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Thomas Jefferson

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A balmy night in 1776

Egad!
Failure
By KARL STEVENS  |  October 12, 2012

Power sticks

In my opinion, the Reverend Wesley J. Mills needs to take his own advice (see " Know Before You Spout ," letter to the editor, March 16).
Letters to the Portland Phoenix editors, April 6, 2012
By PORTLAND PHOENIX LETTERS  |  April 06, 2012

Health 'n' hops

Thomas Jefferson once asserted that beer, when drank in moderation, "promotes health." Trappist monks in Belgium and the Netherlands referred to it as "liquid bread."
Is beer good for you?
By JOSH SMITH  |  April 01, 2011
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Take a seat and consider the chair

Richard Prince's 2008 "Nurse Hat Chair" sits next to a gothic French "Joined Chair" in the first gallery of the extensive "Sit Down!" — book-ending the six centuries of chairs represented in the exhibit.
Form + function
By ANNIE LARMON  |  December 10, 2010
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Drawing inspiration

"Die, yuppie scum," chants the long-haired man, to the beat of a pounding drum. "You don't need to fuck people over to survive."
Anarchist Seth Tobocman brings radical comic-book to the Lucy Parsons Center
By VALERIE VANDE PANNE  |  June 18, 2010

Relentlessly ringing freedom

Amid relentless bell-ringing (“Let freedom ring!” chanted the enthusiasts as they deprived passersby of their hearing and sanity), the Tea Party came to Portland last week to greet President Barack Obama.
Northern New England’s Tea Partiers go local
By JEFF INGLIS  |  April 09, 2010


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Updike does death, R. Crumb does God, Vanity Fair does Proust

Trying to reach as broad a range of tastes and pocketbooks as possible, we this year scavenged everything from the front pages of the Onion to R. Crumb's genesis, to valedictory Updike. Stuff to read, stuff to look at, glossy pages and matte. Remember
Gift books to savor
By PHOENIX STAFF  |  December 11, 2009
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The Granite State Gang

Big bucks couldn't buy the viral awe and ire that the Free State Project (FSP) scored on August 11, when New Hampshire resident William Kostric arrived outside President Barack Obama's Portsmouth Town Hall meeting with a handgun on his right thigh — "op
New Hampshire transplants live free — or die trying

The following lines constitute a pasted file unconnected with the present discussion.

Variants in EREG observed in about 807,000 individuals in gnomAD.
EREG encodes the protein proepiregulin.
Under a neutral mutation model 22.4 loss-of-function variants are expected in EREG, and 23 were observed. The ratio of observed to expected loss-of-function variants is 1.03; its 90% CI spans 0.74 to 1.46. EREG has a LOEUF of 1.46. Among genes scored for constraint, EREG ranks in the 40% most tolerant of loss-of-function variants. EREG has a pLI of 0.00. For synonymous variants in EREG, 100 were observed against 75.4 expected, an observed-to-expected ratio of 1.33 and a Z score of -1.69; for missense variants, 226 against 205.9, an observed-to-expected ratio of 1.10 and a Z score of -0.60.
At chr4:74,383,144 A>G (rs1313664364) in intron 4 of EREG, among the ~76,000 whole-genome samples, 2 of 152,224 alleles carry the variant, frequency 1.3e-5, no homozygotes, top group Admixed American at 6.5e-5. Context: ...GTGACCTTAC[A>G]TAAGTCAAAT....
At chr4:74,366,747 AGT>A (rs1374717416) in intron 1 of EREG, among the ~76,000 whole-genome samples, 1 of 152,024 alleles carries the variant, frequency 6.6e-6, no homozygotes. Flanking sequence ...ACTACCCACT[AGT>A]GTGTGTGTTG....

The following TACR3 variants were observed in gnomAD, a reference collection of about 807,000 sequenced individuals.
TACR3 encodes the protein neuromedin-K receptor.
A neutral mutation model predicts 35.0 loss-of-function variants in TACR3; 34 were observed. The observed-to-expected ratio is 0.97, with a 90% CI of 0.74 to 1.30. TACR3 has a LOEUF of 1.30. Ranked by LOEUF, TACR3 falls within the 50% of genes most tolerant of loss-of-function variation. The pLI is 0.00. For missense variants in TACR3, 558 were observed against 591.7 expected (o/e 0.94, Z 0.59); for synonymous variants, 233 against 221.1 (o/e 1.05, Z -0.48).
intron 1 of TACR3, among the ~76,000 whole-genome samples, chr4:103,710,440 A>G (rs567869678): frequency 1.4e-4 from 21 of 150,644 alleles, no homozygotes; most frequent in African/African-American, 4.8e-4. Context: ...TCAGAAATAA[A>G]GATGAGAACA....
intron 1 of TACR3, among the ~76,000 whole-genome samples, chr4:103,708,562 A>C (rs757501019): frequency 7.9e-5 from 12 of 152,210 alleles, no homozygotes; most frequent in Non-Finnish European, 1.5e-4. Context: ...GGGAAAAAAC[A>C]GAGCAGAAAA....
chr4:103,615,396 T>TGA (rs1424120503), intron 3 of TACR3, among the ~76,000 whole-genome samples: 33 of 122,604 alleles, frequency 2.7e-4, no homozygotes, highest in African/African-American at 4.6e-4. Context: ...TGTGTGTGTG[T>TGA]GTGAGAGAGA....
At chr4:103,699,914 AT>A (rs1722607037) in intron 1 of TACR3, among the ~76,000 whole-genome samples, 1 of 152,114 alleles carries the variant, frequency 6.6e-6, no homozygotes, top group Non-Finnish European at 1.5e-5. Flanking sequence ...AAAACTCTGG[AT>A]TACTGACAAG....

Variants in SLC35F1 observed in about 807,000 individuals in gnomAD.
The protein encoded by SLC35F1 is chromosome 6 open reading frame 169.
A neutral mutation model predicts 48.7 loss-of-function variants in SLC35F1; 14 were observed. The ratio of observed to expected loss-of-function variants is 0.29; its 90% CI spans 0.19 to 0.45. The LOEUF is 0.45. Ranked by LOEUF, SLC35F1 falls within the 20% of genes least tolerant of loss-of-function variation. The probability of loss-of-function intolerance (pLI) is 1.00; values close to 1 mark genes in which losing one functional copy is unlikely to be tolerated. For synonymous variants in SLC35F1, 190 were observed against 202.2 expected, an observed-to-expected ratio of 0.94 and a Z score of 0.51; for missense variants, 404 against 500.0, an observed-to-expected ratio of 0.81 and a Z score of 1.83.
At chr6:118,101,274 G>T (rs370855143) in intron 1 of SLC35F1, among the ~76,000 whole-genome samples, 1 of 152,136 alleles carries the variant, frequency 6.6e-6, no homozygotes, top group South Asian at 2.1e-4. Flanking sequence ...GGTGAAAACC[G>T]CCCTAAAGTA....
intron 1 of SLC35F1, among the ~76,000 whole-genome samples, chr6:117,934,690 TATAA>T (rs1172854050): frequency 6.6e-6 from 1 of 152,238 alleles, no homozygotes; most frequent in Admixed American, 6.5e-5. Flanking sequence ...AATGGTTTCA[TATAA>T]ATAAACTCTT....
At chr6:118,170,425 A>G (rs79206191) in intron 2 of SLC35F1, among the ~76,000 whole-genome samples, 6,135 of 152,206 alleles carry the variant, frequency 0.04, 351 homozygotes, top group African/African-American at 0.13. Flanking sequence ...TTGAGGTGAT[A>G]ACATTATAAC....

By CHRIS FARAONE  |  August 28, 2009
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Scratch and Whiff

I have 53 fully scratched (and completely worthless) Billion Dollar Bonanza scratch tickets sitting in my desk drawer. Each cost $20.
A non-junkie lottery player comes to grips with cardboard crack
By JIM SULLIVAN  |  July 17, 2009
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Sotomayor's mixed message on free speech

Minutes after President Barack Obama announced that he was nominating appellate judge Sonia Sotomayor for the vacant seat on the Supreme Court, battle lines were drawn on the pre-scripted questions of "post-racial" America.
Freedom Watch
By HARVEY SILVERGLATE  |  June 05, 2009
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Folk my brains out

Toby Kamp's 'The Old, Weird America: Folk Themes In Contemporary Art' at The Decordova Museum
Wild and weird
By EVAN J. GARZA  |  May 22, 2009


Letters

Harvey Silverglate’s " The Gray Lady in Shadow " (January 6) was excellent and raised extraordinary concerns.
GUNNING FOR THE TIMES
By  |  October 27, 2008
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Interview: John Hodgman

Long before John Hodgman became universally recognized as the systems-challenged PC in Apple’s ads, he was writing fake trivia for such publications as McSweeney’s and the New York Times Magazine.  
One man's operating system
By CLEA SIMON  |  October 08, 2008
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Bad sports

When historians trace the rise of the blog as the dominant journalistic form of the 21st century, they’ll pay close attention to two recent developments.
While old and new media are mending many fences, they’re still squaring off in jockland
By ADAM REILLY  |  June 18, 2008
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Hungry Mother

Platters such as “catfish pâté” can be visually hilarious, but also really delicious.
Beverly Hillbillies food goes to Paris